She focused on the four.
"I really didn't think I was going to make it, to be honest," she said. "There were a lot of people going for this boat. Statistically, I was ready to be disappointed. When you approach something with absolutely no fear of failing, with nothing to lose, when you come into something with that mind-set, you can be a force to reckon with. I got very lucky."
She also avoided injury.
"The most common injury on our team is broken ribs," she said. "Tiny, tiny muscles in our lats and our abs, they are so overdeveloped they tear the bone. I've never broken a bone in my life. I come from a family of pretty sturdy people."
Her biggest asset as a rower, in addition to her heart and her work ethic, is her strength. "I'm pretty powerful," she said. "I'm a little nugget. They call me meatball."
Two rowers in her boat are 6-foot-2. She is the shortest of the four, and a little self-conscious about her height.
"I tell everyone in the rowing community I'm 5-10, but I'm actually 5-81/2," she said. "It might be three-quarters."
The four members of her boat for the Olympics were chosen after a three-week competition in June.
"It was grueling," she said. "We did it through the heat wave. One hundred degrees outside. I went through a very dark place and back again."
"I really do love it," she added, "even on the worst days."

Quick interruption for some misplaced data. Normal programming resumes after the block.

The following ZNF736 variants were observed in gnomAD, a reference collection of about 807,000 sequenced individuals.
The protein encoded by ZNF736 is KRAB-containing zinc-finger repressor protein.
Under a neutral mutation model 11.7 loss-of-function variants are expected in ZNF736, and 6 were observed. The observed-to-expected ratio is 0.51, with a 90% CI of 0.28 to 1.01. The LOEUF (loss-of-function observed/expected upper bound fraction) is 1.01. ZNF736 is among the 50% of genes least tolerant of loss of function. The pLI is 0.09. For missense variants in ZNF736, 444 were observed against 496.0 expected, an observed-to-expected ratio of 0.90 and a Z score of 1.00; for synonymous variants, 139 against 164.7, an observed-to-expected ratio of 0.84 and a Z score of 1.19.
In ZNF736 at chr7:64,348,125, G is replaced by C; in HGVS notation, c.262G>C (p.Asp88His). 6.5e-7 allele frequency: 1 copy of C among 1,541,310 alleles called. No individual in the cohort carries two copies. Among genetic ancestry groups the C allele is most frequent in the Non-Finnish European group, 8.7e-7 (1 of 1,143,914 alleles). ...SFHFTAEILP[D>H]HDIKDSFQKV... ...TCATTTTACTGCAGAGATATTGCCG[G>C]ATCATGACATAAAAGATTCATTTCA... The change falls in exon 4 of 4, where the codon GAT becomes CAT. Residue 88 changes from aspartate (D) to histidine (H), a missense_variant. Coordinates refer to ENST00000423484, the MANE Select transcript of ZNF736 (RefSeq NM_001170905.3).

Her parents are joining her in London.
"My parents are beside themselves," she said. "They weren't able to dream big like this. They had to work, to help their families."
Dell's collegiate family has been experiencing tough times as the fallout from the Jerry Sandusky child sexual-abuse case continues to affect the Happy Valley campus.
The scandal reached Dell in London, where Team USA held a college uniform day on Tuesday. Dell wore her Penn State gear and said she heard questions and even a suggestion she should cover up her uniform.
"In no way does [the scandal] make me ashamed to say I'm a graduate," Dell wrote in a Facebook post. "For me, Penn State is more than a corrupt administration and football program. It's an enormous network of people who share the same story - arriving wide-eyed at East Halls, eating at the Hub, struggling through Accounting 211, walking miles a day over a vast and beautiful campus . . . and being adopted into a family of tens of thousands. It is a collective feeling of community and positivity."
Dell's boat, the four, has never won an Olympic medal. But the Americans finished second last year in the world championships, and Dell is confident that her quartet is ready to row with the Germans, Czechs, and Britons, the medal favorites. The race is 2,000 meters, and she'd love to finish in 6 minutes, 8 seconds - a world record.
"I have a lot of faith in our strength," she said. "The Olympics are unlike any other event or race. People who are considered to be in the best possible position to medal, sometimes they don't come out on top. A very common phrase is, 'It's the Olympics, anything can happen.' So we're ready to fight. I want to be on that podium, and so do my teammates."
Contact Michael Vitez at 215-854-5639 or email@example.com, or follow on Twitter @michaelvitez.